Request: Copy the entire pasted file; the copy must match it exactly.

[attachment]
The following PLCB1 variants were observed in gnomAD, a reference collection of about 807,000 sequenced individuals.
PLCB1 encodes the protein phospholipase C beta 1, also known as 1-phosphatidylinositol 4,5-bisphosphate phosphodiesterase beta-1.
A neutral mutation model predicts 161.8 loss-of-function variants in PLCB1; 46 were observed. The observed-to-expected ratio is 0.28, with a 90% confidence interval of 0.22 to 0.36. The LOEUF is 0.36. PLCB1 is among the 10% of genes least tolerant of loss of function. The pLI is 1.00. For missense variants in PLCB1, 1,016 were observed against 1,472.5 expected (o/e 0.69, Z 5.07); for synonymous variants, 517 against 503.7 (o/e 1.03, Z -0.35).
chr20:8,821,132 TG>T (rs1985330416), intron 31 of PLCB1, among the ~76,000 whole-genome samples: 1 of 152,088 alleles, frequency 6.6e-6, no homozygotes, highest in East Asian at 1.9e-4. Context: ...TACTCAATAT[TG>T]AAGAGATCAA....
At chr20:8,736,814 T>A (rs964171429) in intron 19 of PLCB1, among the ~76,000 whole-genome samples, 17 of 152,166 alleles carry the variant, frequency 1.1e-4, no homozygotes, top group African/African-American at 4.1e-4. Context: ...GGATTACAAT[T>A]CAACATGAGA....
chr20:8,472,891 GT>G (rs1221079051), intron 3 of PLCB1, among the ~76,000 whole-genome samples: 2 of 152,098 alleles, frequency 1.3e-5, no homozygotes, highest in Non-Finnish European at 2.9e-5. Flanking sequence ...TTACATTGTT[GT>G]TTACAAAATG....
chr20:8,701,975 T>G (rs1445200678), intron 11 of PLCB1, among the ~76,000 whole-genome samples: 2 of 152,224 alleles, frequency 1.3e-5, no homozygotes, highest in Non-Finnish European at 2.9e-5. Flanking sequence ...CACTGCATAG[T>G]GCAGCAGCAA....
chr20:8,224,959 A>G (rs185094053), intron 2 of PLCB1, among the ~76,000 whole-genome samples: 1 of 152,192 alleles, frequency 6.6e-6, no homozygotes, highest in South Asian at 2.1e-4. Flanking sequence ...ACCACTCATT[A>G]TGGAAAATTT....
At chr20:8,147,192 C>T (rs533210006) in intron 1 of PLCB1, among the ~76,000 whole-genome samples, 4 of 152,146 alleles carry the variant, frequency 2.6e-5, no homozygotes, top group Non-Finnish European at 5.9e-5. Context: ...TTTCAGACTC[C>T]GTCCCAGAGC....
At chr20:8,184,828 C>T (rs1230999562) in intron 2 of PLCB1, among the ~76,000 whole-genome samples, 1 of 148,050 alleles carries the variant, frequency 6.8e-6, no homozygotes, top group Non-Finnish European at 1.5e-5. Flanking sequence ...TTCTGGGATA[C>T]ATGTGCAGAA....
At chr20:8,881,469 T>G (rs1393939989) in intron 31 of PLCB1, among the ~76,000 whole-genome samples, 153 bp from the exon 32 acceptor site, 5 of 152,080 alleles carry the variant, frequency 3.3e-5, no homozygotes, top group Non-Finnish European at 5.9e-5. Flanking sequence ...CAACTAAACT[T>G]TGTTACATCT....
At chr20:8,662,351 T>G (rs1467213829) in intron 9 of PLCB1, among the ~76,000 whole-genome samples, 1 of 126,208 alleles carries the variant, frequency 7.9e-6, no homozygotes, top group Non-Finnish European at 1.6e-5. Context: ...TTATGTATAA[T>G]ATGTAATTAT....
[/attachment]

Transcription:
The following PLCB1 variants were observed in gnomAD, a reference collection of about 807,000 sequenced individuals.
PLCB1 encodes the protein phospholipase C beta 1, also known as 1-phosphatidylinositol 4,5-bisphosphate phosphodiesterase beta-1.
A neutral mutation model predicts 161.8 loss-of-function variants in PLCB1; 46 were observed. The observed-to-expected ratio is 0.28, with a 90% confidence interval of 0.22 to 0.36. The LOEUF is 0.36. PLCB1 is among the 10% of genes least tolerant of loss of function. The pLI is 1.00. For missense variants in PLCB1, 1,016 were observed against 1,472.5 expected (o/e 0.69, Z 5.07); for synonymous variants, 517 against 503.7 (o/e 1.03, Z -0.35).
chr20:8,821,132 TG>T (rs1985330416), intron 31 of PLCB1, among the ~76,000 whole-genome samples: 1 of 152,088 alleles, frequency 6.6e-6, no homozygotes, highest in East Asian at 1.9e-4. Context: ...TACTCAATAT[TG>T]AAGAGATCAA....
At chr20:8,736,814 T>A (rs964171429) in intron 19 of PLCB1, among the ~76,000 whole-genome samples, 17 of 152,166 alleles carry the variant, frequency 1.1e-4, no homozygotes, top group African/African-American at 4.1e-4. Context: ...GGATTACAAT[T>A]CAACATGAGA....
chr20:8,472,891 GT>G (rs1221079051), intron 3 of PLCB1, among the ~76,000 whole-genome samples: 2 of 152,098 alleles, frequency 1.3e-5, no homozygotes, highest in Non-Finnish European at 2.9e-5. Flanking sequence ...TTACATTGTT[GT>G]TTACAAAATG....
chr20:8,701,975 T>G (rs1445200678), intron 11 of PLCB1, among the ~76,000 whole-genome samples: 2 of 152,224 alleles, frequency 1.3e-5, no homozygotes, highest in Non-Finnish European at 2.9e-5. Flanking sequence ...CACTGCATAG[T>G]GCAGCAGCAA....
chr20:8,224,959 A>G (rs185094053), intron 2 of PLCB1, among the ~76,000 whole-genome samples: 1 of 152,192 alleles, frequency 6.6e-6, no homozygotes, highest in South Asian at 2.1e-4. Flanking sequence ...ACCACTCATT[A>G]TGGAAAATTT....
At chr20:8,147,192 C>T (rs533210006) in intron 1 of PLCB1, among the ~76,000 whole-genome samples, 4 of 152,146 alleles carry the variant, frequency 2.6e-5, no homozygotes, top group Non-Finnish European at 5.9e-5. Context: ...TTTCAGACTC[C>T]GTCCCAGAGC....
At chr20:8,184,828 C>T (rs1230999562) in intron 2 of PLCB1, among the ~76,000 whole-genome samples, 1 of 148,050 alleles carries the variant, frequency 6.8e-6, no homozygotes, top group Non-Finnish European at 1.5e-5. Flanking sequence ...TTCTGGGATA[C>T]ATGTGCAGAA....
At chr20:8,881,469 T>G (rs1393939989) in intron 31 of PLCB1, among the ~76,000 whole-genome samples, 153 bp from the exon 32 acceptor site, 5 of 152,080 alleles carry the variant, frequency 3.3e-5, no homozygotes, top group Non-Finnish European at 5.9e-5. Flanking sequence ...CAACTAAACT[T>G]TGTTACATCT....
At chr20:8,662,351 T>G (rs1467213829) in intron 9 of PLCB1, among the ~76,000 whole-genome samples, 1 of 126,208 alleles carries the variant, frequency 7.9e-6, no homozygotes, top group Non-Finnish European at 1.6e-5. Context: ...TTATGTATAA[T>G]ATGTAATTAT....